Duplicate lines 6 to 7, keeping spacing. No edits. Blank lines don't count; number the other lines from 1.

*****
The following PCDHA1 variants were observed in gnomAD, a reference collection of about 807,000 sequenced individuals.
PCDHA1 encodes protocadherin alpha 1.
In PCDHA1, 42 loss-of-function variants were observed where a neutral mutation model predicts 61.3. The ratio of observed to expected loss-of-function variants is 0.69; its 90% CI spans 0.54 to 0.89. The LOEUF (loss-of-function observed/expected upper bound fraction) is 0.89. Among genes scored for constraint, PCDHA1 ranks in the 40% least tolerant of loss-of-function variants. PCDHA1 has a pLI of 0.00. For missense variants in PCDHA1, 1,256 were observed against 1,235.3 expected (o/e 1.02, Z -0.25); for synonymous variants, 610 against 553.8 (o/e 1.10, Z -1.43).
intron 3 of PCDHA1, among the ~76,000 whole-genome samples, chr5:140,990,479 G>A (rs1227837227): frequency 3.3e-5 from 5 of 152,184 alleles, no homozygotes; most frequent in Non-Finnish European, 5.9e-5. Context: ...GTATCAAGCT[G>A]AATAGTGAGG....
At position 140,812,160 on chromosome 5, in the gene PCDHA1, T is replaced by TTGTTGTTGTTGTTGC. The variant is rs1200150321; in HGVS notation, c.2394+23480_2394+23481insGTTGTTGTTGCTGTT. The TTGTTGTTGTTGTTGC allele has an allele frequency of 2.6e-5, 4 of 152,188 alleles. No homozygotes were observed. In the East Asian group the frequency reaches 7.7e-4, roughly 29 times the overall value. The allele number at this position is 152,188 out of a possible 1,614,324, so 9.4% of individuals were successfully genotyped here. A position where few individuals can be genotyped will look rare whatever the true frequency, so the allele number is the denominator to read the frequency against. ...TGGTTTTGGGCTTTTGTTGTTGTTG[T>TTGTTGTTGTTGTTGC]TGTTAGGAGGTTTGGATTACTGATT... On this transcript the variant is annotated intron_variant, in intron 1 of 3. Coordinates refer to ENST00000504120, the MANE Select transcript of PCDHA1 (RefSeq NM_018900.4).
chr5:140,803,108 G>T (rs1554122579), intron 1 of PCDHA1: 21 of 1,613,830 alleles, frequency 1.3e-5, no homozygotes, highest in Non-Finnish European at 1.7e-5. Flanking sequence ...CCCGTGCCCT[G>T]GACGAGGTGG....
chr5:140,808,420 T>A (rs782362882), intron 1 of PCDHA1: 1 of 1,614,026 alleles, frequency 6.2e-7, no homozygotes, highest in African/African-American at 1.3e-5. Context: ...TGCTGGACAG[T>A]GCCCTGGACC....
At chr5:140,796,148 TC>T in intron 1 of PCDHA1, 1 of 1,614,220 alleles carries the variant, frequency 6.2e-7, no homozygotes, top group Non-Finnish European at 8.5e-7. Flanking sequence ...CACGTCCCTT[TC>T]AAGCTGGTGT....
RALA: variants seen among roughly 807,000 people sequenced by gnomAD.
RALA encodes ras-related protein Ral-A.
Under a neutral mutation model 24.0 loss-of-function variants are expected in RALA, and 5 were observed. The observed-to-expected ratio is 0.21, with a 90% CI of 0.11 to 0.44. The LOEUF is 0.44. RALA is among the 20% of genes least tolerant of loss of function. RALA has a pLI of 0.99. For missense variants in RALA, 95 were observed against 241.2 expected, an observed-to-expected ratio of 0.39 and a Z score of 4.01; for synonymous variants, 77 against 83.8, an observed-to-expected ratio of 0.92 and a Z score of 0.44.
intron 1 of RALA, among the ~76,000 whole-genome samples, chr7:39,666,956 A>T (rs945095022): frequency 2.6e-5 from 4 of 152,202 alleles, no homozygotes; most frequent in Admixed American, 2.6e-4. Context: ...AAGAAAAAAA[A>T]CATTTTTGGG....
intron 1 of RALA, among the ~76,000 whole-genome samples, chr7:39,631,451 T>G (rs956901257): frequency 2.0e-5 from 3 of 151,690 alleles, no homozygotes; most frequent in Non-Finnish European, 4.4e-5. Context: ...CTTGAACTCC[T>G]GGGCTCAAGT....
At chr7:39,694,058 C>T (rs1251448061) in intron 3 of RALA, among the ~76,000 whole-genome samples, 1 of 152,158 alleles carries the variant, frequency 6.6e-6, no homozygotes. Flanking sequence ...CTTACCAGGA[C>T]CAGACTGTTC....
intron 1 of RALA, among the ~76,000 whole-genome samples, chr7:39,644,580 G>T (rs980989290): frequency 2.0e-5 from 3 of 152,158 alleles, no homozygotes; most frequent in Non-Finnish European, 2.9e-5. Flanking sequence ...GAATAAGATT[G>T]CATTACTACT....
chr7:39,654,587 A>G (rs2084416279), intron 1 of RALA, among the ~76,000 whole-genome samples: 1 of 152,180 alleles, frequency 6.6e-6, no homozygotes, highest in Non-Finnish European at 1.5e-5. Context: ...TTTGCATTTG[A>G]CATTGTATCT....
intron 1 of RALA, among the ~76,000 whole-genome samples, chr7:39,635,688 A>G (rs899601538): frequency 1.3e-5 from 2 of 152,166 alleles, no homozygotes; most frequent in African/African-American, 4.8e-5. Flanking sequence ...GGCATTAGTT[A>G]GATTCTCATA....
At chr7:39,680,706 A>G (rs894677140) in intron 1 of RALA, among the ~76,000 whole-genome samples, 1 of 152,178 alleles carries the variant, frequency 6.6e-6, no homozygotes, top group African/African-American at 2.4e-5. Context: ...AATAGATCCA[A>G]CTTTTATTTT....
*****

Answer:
chr5:140,803,108 G>T (rs1554122579), intron 1 of PCDHA1: 21 of 1,613,830 alleles, frequency 1.3e-5, no homozygotes, highest in Non-Finnish European at 1.7e-5. Flanking sequence ...CCCGTGCCCT[G>T]GACGAGGTGG....
chr5:140,808,420 T>A (rs782362882), intron 1 of PCDHA1: 1 of 1,614,026 alleles, frequency 6.2e-7, no homozygotes, highest in African/African-American at 1.3e-5. Context: ...TGCTGGACAG[T>A]GCCCTGGACC....